For some gay men, the gym is a place of terror. For others, it’s a home away from home. For Erick Alvarez, the gym is the subject of an intriguing new book.
Muscle Boys: Gay Gym Culture is a wide-ranging, insightful look at exercise, gay-male style. It roams through history, sociology, fashion, and porn, stopping to dissect topics like the Internet’s effect on body image, and the difference between gay and straight gyms.
A Costa Rica-born, San Francisco-raised personal trainer, Alvarez understands gay men who work out: muscle boys and circuit boys; athletes; older men; muscle bears; and HIV-positive jocks. Each has his own reasons for going to the gym. Each reaps his own rewards there.
Alvarez knows his way around the gym (and the locker room—more on that later). He has worked out since high school, more than two decades ago.
“Like most guys that age, I wanted to look better naked,” Alvarez says.
Alvarez grappled with his sexuality, and his self-esteem was low. Getting fit raised his self-confidence, as well as easing his concerns about being gay. He became a personal trainer, in part, so he could share that personal growth with others. The book began when he realized the many misconceptions about “the gym.”
“Working out means different things to a 23-year-old, a 48-year-old, and a 70-year-old,” Alvarez notes.
Another myth is that going to the gym is “a superficial pursuit.” A bit of vanity also plays a part, Alvarez admits.
“But as people change and evolve, their reasons for working out do, too,” Alvarez observes.
Society has evolved, as well.
“Thirty years ago, gay men were not necessarily accepted at the gym,” Alvarez relates. “There was a stereotype that gay men were limp-wristed and frail.”
The turnaround has been complete.
Today, Alvarez states, “being gay is equated with fitness, athleticism, having a great body.”
According the Alvarez, “average men” make up the largest group of gay gym-goers: “They don’t even identify with gym culture. They just go and work out.”
Older males are the second-largest group.
Alvarez uses “40-plus” terminology, though, he laughs, “Now that I’m 41, I’m having second thoughts.”
For this group, health—not looks—is the first priority. For circuit boys, however, aesthetics is the main focus.
“Their lives revolve around social status and looking the part,” Alvarez explains. “That’s why they’re at the gym.”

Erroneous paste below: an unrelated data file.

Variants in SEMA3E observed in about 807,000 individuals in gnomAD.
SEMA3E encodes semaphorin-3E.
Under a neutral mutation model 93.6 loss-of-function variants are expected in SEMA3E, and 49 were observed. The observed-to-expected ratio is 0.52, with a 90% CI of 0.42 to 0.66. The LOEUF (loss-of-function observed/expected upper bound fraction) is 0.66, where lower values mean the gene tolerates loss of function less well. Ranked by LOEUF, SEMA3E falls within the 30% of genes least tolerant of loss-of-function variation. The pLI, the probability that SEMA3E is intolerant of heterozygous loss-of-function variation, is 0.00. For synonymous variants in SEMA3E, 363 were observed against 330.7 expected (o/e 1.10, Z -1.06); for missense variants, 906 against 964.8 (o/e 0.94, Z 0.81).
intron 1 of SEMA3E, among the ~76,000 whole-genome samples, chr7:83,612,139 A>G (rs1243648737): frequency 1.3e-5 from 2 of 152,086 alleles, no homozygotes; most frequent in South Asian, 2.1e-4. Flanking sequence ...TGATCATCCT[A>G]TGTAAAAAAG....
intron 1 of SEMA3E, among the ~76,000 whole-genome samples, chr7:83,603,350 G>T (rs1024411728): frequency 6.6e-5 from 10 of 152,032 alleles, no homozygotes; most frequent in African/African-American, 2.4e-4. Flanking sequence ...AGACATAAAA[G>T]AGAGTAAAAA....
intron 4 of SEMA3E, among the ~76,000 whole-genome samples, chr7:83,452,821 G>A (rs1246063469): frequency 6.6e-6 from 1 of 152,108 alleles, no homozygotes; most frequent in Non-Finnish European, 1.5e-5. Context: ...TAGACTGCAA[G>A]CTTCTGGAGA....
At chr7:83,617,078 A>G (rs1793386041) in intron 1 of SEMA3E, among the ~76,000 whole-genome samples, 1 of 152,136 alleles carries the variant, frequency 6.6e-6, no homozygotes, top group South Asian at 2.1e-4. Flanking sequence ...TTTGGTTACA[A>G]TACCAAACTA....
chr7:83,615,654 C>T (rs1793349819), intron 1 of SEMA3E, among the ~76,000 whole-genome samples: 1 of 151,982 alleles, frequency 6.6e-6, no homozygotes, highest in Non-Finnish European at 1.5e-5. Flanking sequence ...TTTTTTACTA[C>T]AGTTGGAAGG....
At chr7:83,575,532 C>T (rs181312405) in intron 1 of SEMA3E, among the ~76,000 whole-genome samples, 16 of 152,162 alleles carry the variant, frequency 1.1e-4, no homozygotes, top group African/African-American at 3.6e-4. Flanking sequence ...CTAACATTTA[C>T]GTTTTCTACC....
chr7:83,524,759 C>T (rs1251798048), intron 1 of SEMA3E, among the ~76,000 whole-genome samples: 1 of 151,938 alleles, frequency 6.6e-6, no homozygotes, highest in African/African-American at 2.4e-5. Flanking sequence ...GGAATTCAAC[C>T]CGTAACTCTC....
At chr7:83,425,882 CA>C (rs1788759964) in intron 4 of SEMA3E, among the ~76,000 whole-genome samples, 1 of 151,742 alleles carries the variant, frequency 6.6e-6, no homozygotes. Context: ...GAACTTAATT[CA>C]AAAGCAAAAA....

Gay athletes—a subgroup whose numbers increase every year—work out to become stronger, and to reduce the chance of injury. Muscle bears, meanwhile, combine aesthetics and health.
“Bears originally did not have the perfect body type,” Alvarez recounts. “But as gay men in general became more health-conscious, the muscle bear became the bear ideal.”
At the beginning of the AIDS crisis, HIV-positive men had little interest in the gym. However, when they realized that anabolic steroids countered wasting—but only if combined with working out—they hit the weights. Their newly defined musculature influenced a generation of nonpositive gay men—and showed everyone the power of steroids.
While the advantages of working out are clear—better health, hotter bodies, higher self-esteem—Alvarez points out the disadvantages, too: “Gay culture is segmenting between men who work out and those who don’t. If you have to run or swim on Saturday morning, and your partner wants to party Friday night, things get complicated. A lot of people have a problem with the new ‘gay ideal.’ For gay men who don’t fit in, this adds one more layer where they feel different from the mainstream.”
One of the most controversial subjects in the gay community—and in Alvarez’s book—involves not the gym itself, but a nearby adjunct.
In Alvarez’s words, “Gay men are either fascinated by the eroticism attached to the locker room, or disgusted. Many of us are conflicted. We feel excitement, fear, sexually charged, ambivalent, trashy, shamed, embarrassed, and more.”
Those feelings often date back to high school. The locker room is the first place many gay boys feel strong sexual urges—and measure themselves against other naked males. It is a place where boys are aroused, and struggle to control those emotions
Alvarez interviewed a 78-year-old who described his conflicted excitement on the high school swim team as if it happened yesterday.
Peering out of the locker room, Alvarez is optimistic.
The 1980s and ’90s saw, as Alvarez puts it, “the oversized, steroid, muscle-boy trend”—but more fashionable now, and probably for the future—is “the more athletic body type. As more gay men participate in sports, that will continue to predominate. And as that group includes older men, more people will realize the benefits of staying in shape. The gym culture will get bigger. Hopefully, it will balance itself out, and incorporate itself into people’s lives—not segment them.”
Dan Woog, a journalist, educator, soccer coach, and gay activist, is the author of the “Jocks” series of books on gay male athletes. Visit www.danwoog.com. He can be reached care of this publication, or at OutField@qsyndicate.com.